In mid-May, news broke that the New York Stock Exchange was creating a bitcoin index, essentially signaling a new era in the young life of the digital currency. As described by Mashable, the index is meant to “serve as a definitive benchmark for valuing the currency.” The same article goes on to detail NYSE president Tom Farley's long-lasting interest in bitcoin stemming from the currency's value spike in 2012-2013. It also mentions that the creation of the index comes on the heels of an earlier NYSE investment in Coinbase, a leading bitcoin wallet.
Does Bitcoin Matter To You?
This is a pretty interesting development for anyone concerned with finance and investment. However, it may hold particular significance for millennials, given that there are still some who argue bitcoin is the “currency of the future,” or at least a resource that will have growing influence over time. The Wall Street Journal made a pretty convincing argument to this effect, dismissing the perfectly legitimate criticisms of bitcoin that exist and stating that “whether bitcoin survives or not, the technology underlying it is here to stay.” That is to say, digitally traded online currency appears to be the way of the future regardless of the success of bitcoin. For millennials, that means it's a currency we may want to start getting used to. It's a very rare concept in human history for currency to advance to a new form—traded goods to valuable resources, valuable resources to coin, coin to paper money, etc.—and the current generation of young professionals may just be living through such a transition.
Is It All Just Hype?
In my opinion, the talk of a wave of digital currency influence is all a little bit premature. Many link the idea with concepts like Apple Pay or services like Venmo, which allow payments and currency exchanges through digital devices. The truth is that these types of systems are actually helping to give ordinary money a longer life. With this in mind, it's important to understand the difference between digital currency and digital exchange of existing money. It's hard to disagree that bitcoin or something like it may have a very strong financial influence on our future, but whether or not it can gain influence that would help it to rival existing currency systems remains to be seen.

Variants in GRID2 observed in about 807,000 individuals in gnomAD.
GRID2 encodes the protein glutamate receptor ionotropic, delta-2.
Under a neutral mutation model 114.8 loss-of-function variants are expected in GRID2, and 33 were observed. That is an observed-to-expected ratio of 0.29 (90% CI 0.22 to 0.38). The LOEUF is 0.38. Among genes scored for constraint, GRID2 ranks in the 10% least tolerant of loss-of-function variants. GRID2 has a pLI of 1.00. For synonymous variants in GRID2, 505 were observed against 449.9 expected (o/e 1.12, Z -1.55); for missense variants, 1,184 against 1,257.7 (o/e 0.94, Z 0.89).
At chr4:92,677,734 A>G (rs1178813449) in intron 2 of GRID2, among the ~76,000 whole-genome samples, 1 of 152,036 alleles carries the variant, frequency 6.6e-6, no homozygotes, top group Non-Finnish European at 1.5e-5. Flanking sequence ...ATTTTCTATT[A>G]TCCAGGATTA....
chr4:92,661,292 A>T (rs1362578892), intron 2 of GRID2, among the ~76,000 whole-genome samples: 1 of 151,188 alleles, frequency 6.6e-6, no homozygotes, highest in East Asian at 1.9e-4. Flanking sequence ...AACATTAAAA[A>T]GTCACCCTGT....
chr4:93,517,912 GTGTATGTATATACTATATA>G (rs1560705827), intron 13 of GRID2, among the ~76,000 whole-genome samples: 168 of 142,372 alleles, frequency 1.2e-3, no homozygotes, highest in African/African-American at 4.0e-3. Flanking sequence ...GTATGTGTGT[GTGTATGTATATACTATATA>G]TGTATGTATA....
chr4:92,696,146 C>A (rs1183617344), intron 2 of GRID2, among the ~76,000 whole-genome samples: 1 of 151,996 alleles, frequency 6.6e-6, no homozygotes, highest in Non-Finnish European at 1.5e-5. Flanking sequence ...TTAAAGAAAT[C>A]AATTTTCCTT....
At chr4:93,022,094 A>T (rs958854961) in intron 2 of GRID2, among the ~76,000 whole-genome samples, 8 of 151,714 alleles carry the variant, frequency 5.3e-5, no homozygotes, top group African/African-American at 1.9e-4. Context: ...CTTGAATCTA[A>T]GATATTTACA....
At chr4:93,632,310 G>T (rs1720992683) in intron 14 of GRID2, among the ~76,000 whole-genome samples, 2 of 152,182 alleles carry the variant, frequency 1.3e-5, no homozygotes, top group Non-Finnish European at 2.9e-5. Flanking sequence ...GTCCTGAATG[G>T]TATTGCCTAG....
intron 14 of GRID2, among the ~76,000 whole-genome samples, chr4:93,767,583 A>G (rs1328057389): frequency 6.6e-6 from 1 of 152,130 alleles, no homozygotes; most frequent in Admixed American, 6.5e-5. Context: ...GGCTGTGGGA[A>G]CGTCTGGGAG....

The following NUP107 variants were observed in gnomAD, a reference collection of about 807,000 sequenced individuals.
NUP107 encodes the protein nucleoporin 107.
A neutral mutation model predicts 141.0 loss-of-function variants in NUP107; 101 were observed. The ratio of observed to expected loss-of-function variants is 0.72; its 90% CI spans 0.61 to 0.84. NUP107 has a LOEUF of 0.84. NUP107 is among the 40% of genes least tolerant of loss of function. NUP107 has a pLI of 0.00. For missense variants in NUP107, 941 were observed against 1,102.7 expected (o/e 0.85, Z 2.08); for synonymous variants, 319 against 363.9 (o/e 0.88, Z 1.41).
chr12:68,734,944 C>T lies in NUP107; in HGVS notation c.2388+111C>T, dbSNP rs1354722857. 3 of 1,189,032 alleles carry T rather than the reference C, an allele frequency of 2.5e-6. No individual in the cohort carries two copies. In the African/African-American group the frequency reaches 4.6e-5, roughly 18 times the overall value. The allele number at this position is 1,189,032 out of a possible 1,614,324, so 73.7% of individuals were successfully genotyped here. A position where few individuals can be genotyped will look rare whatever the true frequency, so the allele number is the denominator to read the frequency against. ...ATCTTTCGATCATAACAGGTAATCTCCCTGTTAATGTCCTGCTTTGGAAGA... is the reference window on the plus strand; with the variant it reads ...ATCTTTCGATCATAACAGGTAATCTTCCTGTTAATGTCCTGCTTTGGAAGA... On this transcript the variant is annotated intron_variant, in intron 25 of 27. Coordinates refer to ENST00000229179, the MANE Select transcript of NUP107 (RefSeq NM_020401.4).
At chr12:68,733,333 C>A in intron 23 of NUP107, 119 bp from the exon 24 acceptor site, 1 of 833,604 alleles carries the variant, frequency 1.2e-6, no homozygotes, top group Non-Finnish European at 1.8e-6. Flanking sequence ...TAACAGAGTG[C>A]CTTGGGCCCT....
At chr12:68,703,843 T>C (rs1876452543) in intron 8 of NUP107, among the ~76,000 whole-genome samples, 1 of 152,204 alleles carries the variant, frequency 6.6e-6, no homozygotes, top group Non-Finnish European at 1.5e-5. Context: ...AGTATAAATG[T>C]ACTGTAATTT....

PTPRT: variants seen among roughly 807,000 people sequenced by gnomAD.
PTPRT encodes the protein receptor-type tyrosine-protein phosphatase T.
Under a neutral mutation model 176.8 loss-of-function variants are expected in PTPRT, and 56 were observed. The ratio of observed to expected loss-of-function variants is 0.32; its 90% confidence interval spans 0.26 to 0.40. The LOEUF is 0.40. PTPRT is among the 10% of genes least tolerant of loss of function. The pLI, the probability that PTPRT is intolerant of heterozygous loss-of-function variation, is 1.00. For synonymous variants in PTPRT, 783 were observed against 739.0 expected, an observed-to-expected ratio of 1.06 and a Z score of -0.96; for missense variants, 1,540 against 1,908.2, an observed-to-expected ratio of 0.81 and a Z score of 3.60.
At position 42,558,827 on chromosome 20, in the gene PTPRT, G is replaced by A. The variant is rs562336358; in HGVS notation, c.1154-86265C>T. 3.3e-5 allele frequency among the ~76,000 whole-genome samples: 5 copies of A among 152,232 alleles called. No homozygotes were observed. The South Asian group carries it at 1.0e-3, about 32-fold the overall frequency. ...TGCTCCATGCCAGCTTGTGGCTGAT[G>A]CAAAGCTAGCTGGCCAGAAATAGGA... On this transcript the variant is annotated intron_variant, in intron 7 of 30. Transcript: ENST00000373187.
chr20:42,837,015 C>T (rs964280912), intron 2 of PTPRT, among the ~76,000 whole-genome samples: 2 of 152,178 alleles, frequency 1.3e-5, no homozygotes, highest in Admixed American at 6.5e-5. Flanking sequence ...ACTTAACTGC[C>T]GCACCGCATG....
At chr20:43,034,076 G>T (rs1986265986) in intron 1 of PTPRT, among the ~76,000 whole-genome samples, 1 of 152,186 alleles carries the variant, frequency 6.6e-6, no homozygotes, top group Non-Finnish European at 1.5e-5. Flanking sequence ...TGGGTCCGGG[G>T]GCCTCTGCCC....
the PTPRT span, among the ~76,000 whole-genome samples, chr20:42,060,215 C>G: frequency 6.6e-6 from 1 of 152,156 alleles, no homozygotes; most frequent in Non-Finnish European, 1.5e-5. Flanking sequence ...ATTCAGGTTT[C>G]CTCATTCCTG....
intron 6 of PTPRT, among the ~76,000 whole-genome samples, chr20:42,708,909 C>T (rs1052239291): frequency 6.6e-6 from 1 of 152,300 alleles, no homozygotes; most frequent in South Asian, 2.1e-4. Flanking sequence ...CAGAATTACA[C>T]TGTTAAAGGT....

Should You Act On The Market?
That said, I would still encourage young professionals who are just becoming interested in finance or investment to keep an eye on bitcoin in the months and years to come. As mentioned previously, the value of bitcoin spiked to some fairly shocking peaks a couple years ago. However, according to FXCM, the same value is now down around $225-$230 per bitcoin. If you believe that the resource is capable of jumping to higher values again, this price can become pretty appealing as an investment opportunity. Furthermore, the NYSE's new interest in bitcoin is likely to give it a spike in interest and even respect worldwide. It may or may not be the game-changer some have predicted, but bitcoin seems to at least be a factor moving forward.
I wouldn't necessarily advise investment, but I'd certainly recommend any young person with an interest in the matter to keep an eye on prices.
Patti Conner hails from Seattle, Wash. and holds her MBA from UC Berkley. She is an entrepreneur and has been a freelance writer for the past few years. When she's not coming up with her next pitch, Patti enjoys exploring the Puget Sound on her kayak.
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